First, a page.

LED Handles and batteries a discussion

This week I wanted to reach out to get feedback on whether there is a demand for LED door handles that are battery operated rather than hard wired. When we designed our handles and particularly the longer lit pulls finding an LED spot that was small enough to fit in a 1.5” diameter pull was a challenge but one that American Illumination were able to solve. We selected American Illumination as our supplier as the unit they make is well designed, compact and is ETL registered. The spot they make is hard wired which means it can only be used on doors which have been constructed with a hollow channel for the wires to pass or by adding an external power transfer unit.

Copyright ©2019

Copyright ©2019

The installation drawing below shows how the wires are fed through the door to connect with our handle to light the LED spot. This method of installation is attractive as it is completely concealed with your guest’s focus being on the handle and not on the apparatus, but it is not well suited to the hobbyist or home owner looking for a simple way to add light and color to their entry door.

CYLINDER HANDLES LIGHT 8 (5).jpg

Too date, I have not found a small enough battery that can power these very low energy LED spots for long periods of time and none that can keep the handle lit for a year or more so thought I would ask for suggestions from any of my readers. So, if you do know of a small battery that is 1” diameter and 2”H l would love to hear about it.

Wine Cellar Door Hardware

We are expanding our collection of wine cellar door hardware and have just designed a small cabinet pull that will function more as a cabinet knob.

The design was sketched by hand at full scale and from both the plan and front views.

The vine knob at 2 ½”W, 1 1/2” was designed for cabinet drawers and as a complimentary piece to the larger 6 ½” vine pull.

The small scale of this piece enabled Martin Pierce to carve it from a block of blue wax manufactured by Ferris® being a wax designed for use with high speed machines as well as steel carving chisels.

wine-cellar-doors-hardware.jpg

The outline of the knob was drawn with a felt tip pen onto the face of the block of wax which was then cut out on a band-saw. The individual leaf segments and fine leaf outline were cut using a slow moving scroll saw. Martin then carved the fine veins and shaped the leaf contours using 3 types of chisel and an improvised hand scraper made from a band-saw blade.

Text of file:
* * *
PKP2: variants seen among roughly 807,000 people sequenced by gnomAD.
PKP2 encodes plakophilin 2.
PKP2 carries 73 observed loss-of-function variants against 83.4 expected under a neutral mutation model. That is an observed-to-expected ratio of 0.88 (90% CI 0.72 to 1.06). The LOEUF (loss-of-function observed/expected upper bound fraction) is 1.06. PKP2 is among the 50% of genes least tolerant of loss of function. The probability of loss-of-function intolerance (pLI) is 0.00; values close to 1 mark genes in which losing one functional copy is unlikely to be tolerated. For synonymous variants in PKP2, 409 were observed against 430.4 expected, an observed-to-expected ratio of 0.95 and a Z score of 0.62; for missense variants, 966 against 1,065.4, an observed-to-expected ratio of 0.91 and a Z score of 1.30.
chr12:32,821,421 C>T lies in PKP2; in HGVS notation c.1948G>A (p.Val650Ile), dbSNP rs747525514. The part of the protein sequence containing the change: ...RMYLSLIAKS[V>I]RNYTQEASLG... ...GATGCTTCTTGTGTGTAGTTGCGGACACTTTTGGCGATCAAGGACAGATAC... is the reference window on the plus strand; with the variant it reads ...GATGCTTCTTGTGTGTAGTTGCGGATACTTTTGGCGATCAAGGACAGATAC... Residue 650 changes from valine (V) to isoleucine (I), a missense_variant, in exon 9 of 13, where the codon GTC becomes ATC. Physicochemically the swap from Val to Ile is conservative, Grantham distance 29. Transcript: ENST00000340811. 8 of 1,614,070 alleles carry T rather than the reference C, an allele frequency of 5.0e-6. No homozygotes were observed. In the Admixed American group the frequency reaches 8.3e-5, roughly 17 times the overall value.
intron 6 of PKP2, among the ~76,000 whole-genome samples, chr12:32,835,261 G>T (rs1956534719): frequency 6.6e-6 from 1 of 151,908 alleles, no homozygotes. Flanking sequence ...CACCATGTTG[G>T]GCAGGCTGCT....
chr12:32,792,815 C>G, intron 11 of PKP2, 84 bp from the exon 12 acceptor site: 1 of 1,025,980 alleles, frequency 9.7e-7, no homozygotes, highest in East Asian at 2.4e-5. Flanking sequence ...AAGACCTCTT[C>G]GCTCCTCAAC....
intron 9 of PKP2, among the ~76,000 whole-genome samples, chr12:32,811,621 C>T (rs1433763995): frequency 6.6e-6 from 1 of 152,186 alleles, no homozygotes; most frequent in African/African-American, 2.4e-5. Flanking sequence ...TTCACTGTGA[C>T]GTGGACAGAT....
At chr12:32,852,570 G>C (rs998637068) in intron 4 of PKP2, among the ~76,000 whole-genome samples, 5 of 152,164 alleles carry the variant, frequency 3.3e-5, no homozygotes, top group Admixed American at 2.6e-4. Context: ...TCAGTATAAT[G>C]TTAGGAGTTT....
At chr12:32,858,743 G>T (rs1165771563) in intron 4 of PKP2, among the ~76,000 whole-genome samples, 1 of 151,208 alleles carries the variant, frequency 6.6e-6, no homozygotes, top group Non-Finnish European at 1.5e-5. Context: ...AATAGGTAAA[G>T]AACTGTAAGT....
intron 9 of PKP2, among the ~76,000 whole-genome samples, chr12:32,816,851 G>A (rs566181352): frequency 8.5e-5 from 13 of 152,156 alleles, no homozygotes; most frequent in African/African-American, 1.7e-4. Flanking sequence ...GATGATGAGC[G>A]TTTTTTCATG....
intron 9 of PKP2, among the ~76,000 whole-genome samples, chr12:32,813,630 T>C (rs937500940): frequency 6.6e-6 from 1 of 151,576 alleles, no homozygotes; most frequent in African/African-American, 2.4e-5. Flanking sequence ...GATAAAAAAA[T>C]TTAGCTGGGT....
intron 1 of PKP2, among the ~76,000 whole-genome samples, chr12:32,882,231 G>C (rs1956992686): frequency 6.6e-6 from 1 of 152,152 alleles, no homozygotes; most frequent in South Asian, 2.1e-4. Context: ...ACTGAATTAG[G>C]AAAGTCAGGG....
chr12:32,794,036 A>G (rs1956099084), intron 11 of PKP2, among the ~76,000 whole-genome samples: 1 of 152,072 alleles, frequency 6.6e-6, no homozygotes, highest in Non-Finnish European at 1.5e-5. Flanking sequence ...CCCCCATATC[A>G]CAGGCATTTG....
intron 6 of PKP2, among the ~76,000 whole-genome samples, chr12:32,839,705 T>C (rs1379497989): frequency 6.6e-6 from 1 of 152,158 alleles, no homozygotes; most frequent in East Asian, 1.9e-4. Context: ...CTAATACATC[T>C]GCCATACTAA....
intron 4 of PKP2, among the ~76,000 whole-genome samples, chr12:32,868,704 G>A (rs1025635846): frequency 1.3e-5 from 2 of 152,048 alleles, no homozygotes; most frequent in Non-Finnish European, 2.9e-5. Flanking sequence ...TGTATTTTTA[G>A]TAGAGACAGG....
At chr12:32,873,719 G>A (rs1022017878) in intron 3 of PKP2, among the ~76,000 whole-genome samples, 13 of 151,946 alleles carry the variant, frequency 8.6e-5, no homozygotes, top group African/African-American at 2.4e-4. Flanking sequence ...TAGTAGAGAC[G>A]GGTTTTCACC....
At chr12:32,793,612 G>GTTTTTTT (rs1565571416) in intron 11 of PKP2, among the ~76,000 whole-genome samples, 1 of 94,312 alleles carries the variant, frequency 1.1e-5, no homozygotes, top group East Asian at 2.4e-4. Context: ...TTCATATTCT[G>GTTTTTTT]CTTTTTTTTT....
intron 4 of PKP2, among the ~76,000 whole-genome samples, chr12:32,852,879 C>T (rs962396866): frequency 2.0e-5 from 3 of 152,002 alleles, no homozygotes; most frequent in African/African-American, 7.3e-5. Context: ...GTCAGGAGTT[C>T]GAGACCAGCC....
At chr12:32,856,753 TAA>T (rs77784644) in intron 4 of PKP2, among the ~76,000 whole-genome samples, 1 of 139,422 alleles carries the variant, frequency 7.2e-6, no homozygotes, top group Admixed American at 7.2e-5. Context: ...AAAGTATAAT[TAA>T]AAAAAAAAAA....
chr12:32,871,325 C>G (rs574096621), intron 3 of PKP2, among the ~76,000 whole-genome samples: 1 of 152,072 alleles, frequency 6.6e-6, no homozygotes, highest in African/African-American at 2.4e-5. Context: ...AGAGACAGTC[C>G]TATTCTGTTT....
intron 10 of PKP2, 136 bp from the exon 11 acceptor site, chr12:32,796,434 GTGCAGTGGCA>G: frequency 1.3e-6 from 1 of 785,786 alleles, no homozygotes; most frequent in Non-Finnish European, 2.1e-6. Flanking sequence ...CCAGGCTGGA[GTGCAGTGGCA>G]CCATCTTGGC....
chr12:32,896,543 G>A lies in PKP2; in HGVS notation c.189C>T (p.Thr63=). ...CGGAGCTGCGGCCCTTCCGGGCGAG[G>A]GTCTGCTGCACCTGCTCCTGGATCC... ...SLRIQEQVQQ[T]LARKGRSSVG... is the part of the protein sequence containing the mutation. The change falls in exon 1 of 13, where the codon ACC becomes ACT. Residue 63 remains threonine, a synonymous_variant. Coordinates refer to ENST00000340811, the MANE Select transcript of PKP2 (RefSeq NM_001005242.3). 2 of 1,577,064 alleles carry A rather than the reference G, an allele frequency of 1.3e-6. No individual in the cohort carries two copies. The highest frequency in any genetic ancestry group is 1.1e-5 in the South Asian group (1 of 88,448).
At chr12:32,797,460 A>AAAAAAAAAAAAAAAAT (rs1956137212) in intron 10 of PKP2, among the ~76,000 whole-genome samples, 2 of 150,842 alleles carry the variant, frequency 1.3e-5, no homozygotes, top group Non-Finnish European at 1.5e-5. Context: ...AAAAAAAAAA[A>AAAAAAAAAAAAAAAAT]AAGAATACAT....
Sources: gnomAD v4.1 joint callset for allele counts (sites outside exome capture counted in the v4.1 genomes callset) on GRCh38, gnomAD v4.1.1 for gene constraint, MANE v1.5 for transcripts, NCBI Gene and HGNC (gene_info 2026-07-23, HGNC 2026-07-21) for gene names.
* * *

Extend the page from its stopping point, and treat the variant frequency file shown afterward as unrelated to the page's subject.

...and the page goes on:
blue-wax-vine-pull-res.jpg

Many of Martin’s chisels were acquired when he was an apprentice wood carver and they were made by legendary William Marples & Sons in Sheffield, England. The chisels were forged from the finest Sheffield steel and they maintain their sharpness even when cutting dense hardwood.

For the carving enthusiasts and hobbyists amongst you can read more about the superlative chisels that were made by William Marples by visiting http://www.williammarplesandsons.com

chisles.jpg

Rio Grande is a good source for the blue carving wax

Nature an aid to designing long door handles

Nature an aid to designing long door handles


Having the luxury of enjoying a solitary walk in the Hollywood Hills with 50 minutes free from the demands of technology one’s mind is able to consume the smaller details that otherwise would go unnoticed. I do mean smaller details as without a scale reference it can be impossible to judge the size of a flower from a photograph, so would you be surprised that the buds of the flowers shown below are less than .25”? While Martin Pierce tries to be true to nature when it comes to realism and to the scale of his lizard and butterfly hardware, he often employs considerable latitude when designing plant door handles or cabinet knobs as can be seen in the larger than life daisy flower knob.

We are presently developing a series of long door handles for both hospitality and residential projects and to create functional pulls that are easy to grip and meet ADA standards we are using considerable artistic license. Working with a narrow 1.5” diameter our creative canvas is extremely limited, so we are looking to nature for ideas. As the door pulls will be 60” in length the initial designs have been for vertical and elongated filigree but by segmenting the pull into decorative and non-decorative areas we are able to create vertical bands of decoration and these will be more geometric and abstract.

daisy-cabinet-knob.jpg

The elongated floral designs are being sketched and will be reviewed soon before a final selection is made.

More to life than door handles

The rains have turned the area we live in into a beautiful landscape full of trees in blossom and nesting birds in what is still a dense but thriving urban environment.

With the recent 3-day weekends we have been able to walk for hours in the Hollywood hills and were able to capture some lovely and surprising views.

hollywood-sign-martin-pierce.jpg

What is always startling is how quickly the grasses spring to life and turn the hills into a verdant intensely green landscape. While the Hollywood sign is a familiar view it is great to see it through a curtain of green leaves.